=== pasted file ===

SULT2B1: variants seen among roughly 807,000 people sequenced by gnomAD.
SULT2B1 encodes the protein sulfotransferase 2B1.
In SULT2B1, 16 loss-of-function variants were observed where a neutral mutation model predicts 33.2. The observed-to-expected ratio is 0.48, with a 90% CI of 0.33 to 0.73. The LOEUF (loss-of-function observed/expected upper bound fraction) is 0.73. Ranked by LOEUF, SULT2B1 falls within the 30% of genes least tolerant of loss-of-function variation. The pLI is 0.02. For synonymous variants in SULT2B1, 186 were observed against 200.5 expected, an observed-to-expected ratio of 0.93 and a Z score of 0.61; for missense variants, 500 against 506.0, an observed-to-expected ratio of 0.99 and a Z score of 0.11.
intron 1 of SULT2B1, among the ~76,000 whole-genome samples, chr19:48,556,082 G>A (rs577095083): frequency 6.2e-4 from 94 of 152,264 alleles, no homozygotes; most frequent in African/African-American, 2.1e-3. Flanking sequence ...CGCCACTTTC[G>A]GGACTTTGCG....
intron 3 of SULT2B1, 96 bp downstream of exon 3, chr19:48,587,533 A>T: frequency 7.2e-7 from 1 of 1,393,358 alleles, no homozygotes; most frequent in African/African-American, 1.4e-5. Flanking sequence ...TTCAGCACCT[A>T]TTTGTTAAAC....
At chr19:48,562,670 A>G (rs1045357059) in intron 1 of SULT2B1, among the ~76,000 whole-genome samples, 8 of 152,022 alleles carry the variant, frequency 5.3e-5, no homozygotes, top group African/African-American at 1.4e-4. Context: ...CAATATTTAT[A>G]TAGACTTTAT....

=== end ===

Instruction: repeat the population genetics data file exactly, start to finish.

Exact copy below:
SULT2B1: variants seen among roughly 807,000 people sequenced by gnomAD.
SULT2B1 encodes the protein sulfotransferase 2B1.
In SULT2B1, 16 loss-of-function variants were observed where a neutral mutation model predicts 33.2. The observed-to-expected ratio is 0.48, with a 90% CI of 0.33 to 0.73. The LOEUF (loss-of-function observed/expected upper bound fraction) is 0.73. Ranked by LOEUF, SULT2B1 falls within the 30% of genes least tolerant of loss-of-function variation. The pLI is 0.02. For synonymous variants in SULT2B1, 186 were observed against 200.5 expected, an observed-to-expected ratio of 0.93 and a Z score of 0.61; for missense variants, 500 against 506.0, an observed-to-expected ratio of 0.99 and a Z score of 0.11.
intron 1 of SULT2B1, among the ~76,000 whole-genome samples, chr19:48,556,082 G>A (rs577095083): frequency 6.2e-4 from 94 of 152,264 alleles, no homozygotes; most frequent in African/African-American, 2.1e-3. Flanking sequence ...CGCCACTTTC[G>A]GGACTTTGCG....
intron 3 of SULT2B1, 96 bp downstream of exon 3, chr19:48,587,533 A>T: frequency 7.2e-7 from 1 of 1,393,358 alleles, no homozygotes; most frequent in African/African-American, 1.4e-5. Flanking sequence ...TTCAGCACCT[A>T]TTTGTTAAAC....
At chr19:48,562,670 A>G (rs1045357059) in intron 1 of SULT2B1, among the ~76,000 whole-genome samples, 8 of 152,022 alleles carry the variant, frequency 5.3e-5, no homozygotes, top group African/African-American at 1.4e-4. Context: ...CAATATTTAT[A>G]TAGACTTTAT....